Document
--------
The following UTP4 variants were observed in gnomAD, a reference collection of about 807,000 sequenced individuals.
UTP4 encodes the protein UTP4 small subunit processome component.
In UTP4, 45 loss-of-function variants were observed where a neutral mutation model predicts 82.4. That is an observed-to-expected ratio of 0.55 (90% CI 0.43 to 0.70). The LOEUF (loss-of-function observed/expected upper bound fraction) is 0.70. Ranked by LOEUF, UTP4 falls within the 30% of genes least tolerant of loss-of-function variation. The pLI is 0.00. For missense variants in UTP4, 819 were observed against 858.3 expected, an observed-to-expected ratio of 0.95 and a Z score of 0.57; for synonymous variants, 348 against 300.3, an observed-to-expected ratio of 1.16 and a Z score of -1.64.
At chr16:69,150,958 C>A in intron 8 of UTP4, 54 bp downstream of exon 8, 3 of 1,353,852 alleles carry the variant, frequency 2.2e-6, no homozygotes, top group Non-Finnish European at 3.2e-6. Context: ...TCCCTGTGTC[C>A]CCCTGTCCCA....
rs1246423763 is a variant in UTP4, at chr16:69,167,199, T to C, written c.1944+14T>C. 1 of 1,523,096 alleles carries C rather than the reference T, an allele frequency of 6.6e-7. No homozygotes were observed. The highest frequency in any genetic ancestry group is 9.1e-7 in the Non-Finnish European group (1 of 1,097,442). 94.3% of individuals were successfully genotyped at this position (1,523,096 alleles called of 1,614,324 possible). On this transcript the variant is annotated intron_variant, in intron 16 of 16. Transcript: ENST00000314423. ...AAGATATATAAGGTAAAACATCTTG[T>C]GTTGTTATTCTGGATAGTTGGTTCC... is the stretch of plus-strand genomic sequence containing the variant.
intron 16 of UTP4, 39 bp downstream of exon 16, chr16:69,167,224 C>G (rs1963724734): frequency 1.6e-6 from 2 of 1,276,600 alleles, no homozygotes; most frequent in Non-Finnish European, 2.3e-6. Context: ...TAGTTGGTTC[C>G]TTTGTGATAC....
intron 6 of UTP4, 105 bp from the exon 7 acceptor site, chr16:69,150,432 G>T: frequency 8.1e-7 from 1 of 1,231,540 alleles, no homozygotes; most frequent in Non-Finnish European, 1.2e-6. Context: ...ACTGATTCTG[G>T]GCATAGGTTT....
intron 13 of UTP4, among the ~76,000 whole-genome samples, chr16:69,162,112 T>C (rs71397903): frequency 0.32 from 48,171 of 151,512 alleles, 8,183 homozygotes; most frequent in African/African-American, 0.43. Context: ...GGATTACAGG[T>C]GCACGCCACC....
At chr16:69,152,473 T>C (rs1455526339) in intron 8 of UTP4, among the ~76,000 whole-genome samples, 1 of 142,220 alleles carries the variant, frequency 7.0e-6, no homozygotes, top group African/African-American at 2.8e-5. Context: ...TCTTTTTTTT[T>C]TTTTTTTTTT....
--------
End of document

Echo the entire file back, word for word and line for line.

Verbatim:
The following UTP4 variants were observed in gnomAD, a reference collection of about 807,000 sequenced individuals.
UTP4 encodes the protein UTP4 small subunit processome component.
In UTP4, 45 loss-of-function variants were observed where a neutral mutation model predicts 82.4. That is an observed-to-expected ratio of 0.55 (90% CI 0.43 to 0.70). The LOEUF (loss-of-function observed/expected upper bound fraction) is 0.70. Ranked by LOEUF, UTP4 falls within the 30% of genes least tolerant of loss-of-function variation. The pLI is 0.00. For missense variants in UTP4, 819 were observed against 858.3 expected, an observed-to-expected ratio of 0.95 and a Z score of 0.57; for synonymous variants, 348 against 300.3, an observed-to-expected ratio of 1.16 and a Z score of -1.64.
At chr16:69,150,958 C>A in intron 8 of UTP4, 54 bp downstream of exon 8, 3 of 1,353,852 alleles carry the variant, frequency 2.2e-6, no homozygotes, top group Non-Finnish European at 3.2e-6. Context: ...TCCCTGTGTC[C>A]CCCTGTCCCA....
rs1246423763 is a variant in UTP4, at chr16:69,167,199, T to C, written c.1944+14T>C. 1 of 1,523,096 alleles carries C rather than the reference T, an allele frequency of 6.6e-7. No homozygotes were observed. The highest frequency in any genetic ancestry group is 9.1e-7 in the Non-Finnish European group (1 of 1,097,442). 94.3% of individuals were successfully genotyped at this position (1,523,096 alleles called of 1,614,324 possible). On this transcript the variant is annotated intron_variant, in intron 16 of 16. Transcript: ENST00000314423. ...AAGATATATAAGGTAAAACATCTTG[T>C]GTTGTTATTCTGGATAGTTGGTTCC... is the stretch of plus-strand genomic sequence containing the variant.
intron 16 of UTP4, 39 bp downstream of exon 16, chr16:69,167,224 C>G (rs1963724734): frequency 1.6e-6 from 2 of 1,276,600 alleles, no homozygotes; most frequent in Non-Finnish European, 2.3e-6. Context: ...TAGTTGGTTC[C>G]TTTGTGATAC....
intron 6 of UTP4, 105 bp from the exon 7 acceptor site, chr16:69,150,432 G>T: frequency 8.1e-7 from 1 of 1,231,540 alleles, no homozygotes; most frequent in Non-Finnish European, 1.2e-6. Context: ...ACTGATTCTG[G>T]GCATAGGTTT....
intron 13 of UTP4, among the ~76,000 whole-genome samples, chr16:69,162,112 T>C (rs71397903): frequency 0.32 from 48,171 of 151,512 alleles, 8,183 homozygotes; most frequent in African/African-American, 0.43. Context: ...GGATTACAGG[T>C]GCACGCCACC....
At chr16:69,152,473 T>C (rs1455526339) in intron 8 of UTP4, among the ~76,000 whole-genome samples, 1 of 142,220 alleles carries the variant, frequency 7.0e-6, no homozygotes, top group African/African-American at 2.8e-5. Context: ...TCTTTTTTTT[T>C]TTTTTTTTTT....